1) I had another good day today, but my body is telling me otherwise. As I wrote at RealMoney:
|Two Positive Surprises; Two Things I Don’t Do|
|1/24/2008 3:11 PM EST|
Two more news bits. I don’t buy for takeovers, but today Bronco Drilling got bought out by Allis-Chalmers Energy. (Now I have three open slots in the portfolio.) I also don’t buy to bet on earnings. But I will ignore earnings if I feel it is time to buy a cheap stock. With yesterday’s purchase of RGA, I did not even know that earnings were coming today. What I did know was that they are the best at life reinsurance, and that it is a constricted field with one big (in coverage written) damaged competitor, Scottish Re. So, today’s good earnings are a surprise, but the quality of RGA is not.
Please note that due to factors including low market capitalization and/or insufficient public float, we consider Scottish Re to be a small-cap stock. You should be aware that such stocks are subject to more risk than stocks of larger companies, including greater volatility, lower liquidity and less publicly available information, and that postings such as this one can have an effect on their stock prices.
Position: long RGA BRNC
2) There’s a lot of commentary going around on the Financial Guarantors and bailouts, whether to profit-seeking individuals like Wilbur Ross, or a consortium of investment banks who will not do so well without them. For a good summary of what will make a consortium bailout of the industry as a whole tough, read this piece at Naked Capitalism. I will say that Sean Egan’s estimate of $200 billion is too high (maybe he is talking his book). Just on a back of the envelope basis, the whole FG industry earned about $2 billion per year. If they needed $200 billion more capital to be solvent, their pricing would have to expand about 5-10 times to allow them to earn an acceptable ROE. No one would pay that. So, if the $200 billion is right, it is just another way of saying that the FG industry should not exist. (Well, the Bible warns us of the dangers of being a third-party guarantor…)
Then again, there are many risks that Wall Street takes on where the probability of ruin is high enough to happen at least once in a lifetime, but adequate capital is not held because protecting against the meltdown scenario would make the return on equity unacceptable. The risk managers bow to pressure so that the businesses can make money, and hope that the markets will stay stable.
3) There’s been even more musing about the Fed 75 basis point cut, with a hint of more to come. No surprise that I agree with Caroline Baum that the Greenspan Put is alive and well, or with Tony Crescenzi that we could call it the Bernanke Pacifier. But Bill Gross leaves me cold here. He and Paul McCulley consistently argued against raising rates during the recent up cycle, and in the prior down cycle cheered the lowering of the Fed funds rate down to 1%. These policies, which overstimulated housing, helped lead to the situation that Mr. Gross now laments.
I also think that David Wessel and many others let the Fed off too easily on their misforecasting. Who has more Ph.D. economists than they do? I’m not saying that the Fed should read my writings, but there is a significant body of opinion in the financial blogosphere that saw this coming. Also, they basked in their aura of invincibility when it suited them, particularly in the Greenspan era.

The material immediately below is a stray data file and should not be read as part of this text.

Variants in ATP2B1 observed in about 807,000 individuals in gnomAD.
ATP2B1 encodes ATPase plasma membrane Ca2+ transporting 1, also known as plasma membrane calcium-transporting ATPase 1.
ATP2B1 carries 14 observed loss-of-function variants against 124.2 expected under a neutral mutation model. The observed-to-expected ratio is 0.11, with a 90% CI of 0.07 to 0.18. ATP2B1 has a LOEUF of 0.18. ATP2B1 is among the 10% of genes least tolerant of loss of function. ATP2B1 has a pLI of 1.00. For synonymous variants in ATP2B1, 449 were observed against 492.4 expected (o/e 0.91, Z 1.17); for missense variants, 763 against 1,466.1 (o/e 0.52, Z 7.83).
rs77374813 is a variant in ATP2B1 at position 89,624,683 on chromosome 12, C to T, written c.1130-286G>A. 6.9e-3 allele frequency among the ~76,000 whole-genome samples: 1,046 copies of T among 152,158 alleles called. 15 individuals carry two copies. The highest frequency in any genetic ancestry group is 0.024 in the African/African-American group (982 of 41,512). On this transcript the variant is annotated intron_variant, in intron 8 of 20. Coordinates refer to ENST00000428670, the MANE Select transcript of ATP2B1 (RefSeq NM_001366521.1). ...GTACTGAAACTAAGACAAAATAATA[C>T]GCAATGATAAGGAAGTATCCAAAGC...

As I commented last night, Bernanke is a bright guy who will not let his name go down in the history books as the guy who allowed Great Depression #2 to emerge. So as the bubble bursts, the Fed eases aggressively. Even Paul Krugman points to the writings of Bernanke on the topic.
One last note on the Fed: Eddy Elfenbein points out the basic mandate of the Fed. I’m not sure why he cites this, but it is not a full statement of the Fed mandate, unless one interprets it to mean that the Fed has to promote the continuing growth of the credit markets (I hate that thought). Since the Fed is a regulator of banking solvency, and must be, because money and credit are similar, the Fed also has a mandate to preserve the banking system under its purview. That’s difficult to do without overseeing the capital markets, post Glass-Steagall. Unfortunately, that is what creates at least the appearance of the “Greenspan Put.” And now the market relies on its existence.
4) But maybe the Fed overreacted to equity markets getting slammed by SocGen exiting a bunch of rogue trades. Perhaps it’s not all that much different than 2002, when the European banks and insurers put in the bottom of the US equity markets but being forced to sell by their regulators. If so, maybe the current lift in the markets will persist.
As for SocGen, leaving aside their chaotic conference call, I would simply point out that it is a pretty colossal failure of risk control to allow anyone that much power inside their firm. Risk control begins with personnel control, starting with separating the profit and accounting functions. Second, the larger the amounts of money in play, the greater the scrutiny should be from internal audit, external audit, and management. I have experienced these audits in my life, and it is a normal part of good business.
Because of that, I fault SocGen management most of all. For something that large, if they didn’t put the controls in place, then the CEO, CFO, division head, etc. should resign. There is no excuse for not having proper controls in place for an error that large.
That’s all for the evening. I am way behind on my e-mail, so if you are waiting on me, I have not given up on responding to you.
Full disclosure: long RGA BRNC